The Education Cannot Wait Global Fund (ECW) allocates a total of US$15 million in an initial series of emergency grants for the rapid delivery of holistic education services to protect and support vulnerable children and youth hit by the COVID-19 pandemic in 16 countries/emergency contexts. These girls and boys are already impacted by armed conflicts, forced displacement, natural disasters and protracted crises. An additional series of grants to support the response in other crisis-affected countries will be released shortly and reach partners in-country in the coming days.
“I come from Baglung District, a part of Dhawalagiri Zone in Nepal. My house overlooks the river. Do you know, our district is known for the suspension bridges?”, her eyes glimmer for a fraction of a second and then she breathes a heavy sigh! Her right hand is still wrapped in a scarf, while with the other she pats her 17-month-old. “If I ever get a chance I will take you to my village, we have a lot of medicinal plants.” She pauses while tears roll down as she continues our Facetime session. “I was 16 when I had my first child and I was 17 when my arm was broken by my mother-in-law.”
Henrietta H. Fore became UNICEF’s seventh Executive Director on 1 January 2018. She has worked to champion economic development, education, health, humanitarian assistance and disaster relief in a public service, private sector and non-profit leadership career that spans more than four decades.
Armed conflicts, forced displacement, climate change induced disasters and protracted crises have disrupted the education of 75 million children and youth globally. And that number is growing in an unprecedented way with the spread of COVID-19. Education has been hit particularly hard by the COVID-19 pandemic with 1.53 billion learners out of school
and 184 country-wide school closures, impacting 87.6% of the world’s total enrolled learners. Drop-out rates across the globe are likely to rise as a result of this massive disruption to education access.
A few days ago, a friend said to me that my focus on autism, although rather successful, had “sucked out all energy from other critical areas of social need in Bangladesh.” My friend wanted to know if I would be interested in expanding my visibility and successful approach to autism, to other issues that have apparently been left by the wayside due to everyone’s eagerness to work on an issue popular with the Prime Minister’s daughter!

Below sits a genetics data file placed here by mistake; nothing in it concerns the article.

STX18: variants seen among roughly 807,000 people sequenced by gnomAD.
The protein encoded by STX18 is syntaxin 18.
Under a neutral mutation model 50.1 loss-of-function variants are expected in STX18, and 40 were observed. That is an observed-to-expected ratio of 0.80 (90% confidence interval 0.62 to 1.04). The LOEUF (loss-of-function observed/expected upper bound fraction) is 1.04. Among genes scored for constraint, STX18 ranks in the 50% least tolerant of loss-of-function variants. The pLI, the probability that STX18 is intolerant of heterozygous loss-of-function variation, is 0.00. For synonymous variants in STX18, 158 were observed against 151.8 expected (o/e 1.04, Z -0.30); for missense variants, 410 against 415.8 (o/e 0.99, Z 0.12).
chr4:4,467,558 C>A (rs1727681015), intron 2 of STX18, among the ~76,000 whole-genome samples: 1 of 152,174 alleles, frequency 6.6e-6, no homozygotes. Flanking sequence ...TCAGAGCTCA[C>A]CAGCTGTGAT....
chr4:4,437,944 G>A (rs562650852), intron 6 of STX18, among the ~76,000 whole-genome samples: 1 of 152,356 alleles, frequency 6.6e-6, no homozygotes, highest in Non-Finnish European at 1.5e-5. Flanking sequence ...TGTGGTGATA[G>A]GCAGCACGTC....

Humankind has outlived multiple pandemics in the course of world history. The kingdoms and states of Central and Western Europe abolished the institution of serfdom once it had become clear that medieval rule in the aftermath of devastating pestilence would founder without ending the dependency and servitude that characterized the Dark Ages. The vulnerability of entire nations to the risk of total collapse in the absence of widespread access to the most basic healthcare in the Spanish Flu spurred governments to build the public health systems that have made the progress and development of the last hundred years possible. If the past is prologue, then continuity and survival command that we change.
We are living in a critical time. As we face existential environmental challenges from climate crises to the mass extinction of species, it is difficult sometimes to see solutions and new ideas. This is why we all need to celebrate and give visibility to creative and courageous efforts of people and organizations striving towards a healthy planet for all.
For Dr Edna Adan Ismail maternal health and midwifery is deeply personal. In an interview with Women Deliver Young Leader Musu Bakoto Sawo
, Ismail recalls her mother’s devasting experiences which impacted on her own life’s choices.
"The idea came to a group of schoolmates and me in 2014, but we never thought it could become a reality," says Sebastián Ieraci, 23, as he points to a multitude of photovoltaic solar panels shining on the roof of the Antonio Devoto High School in the Argentine capital.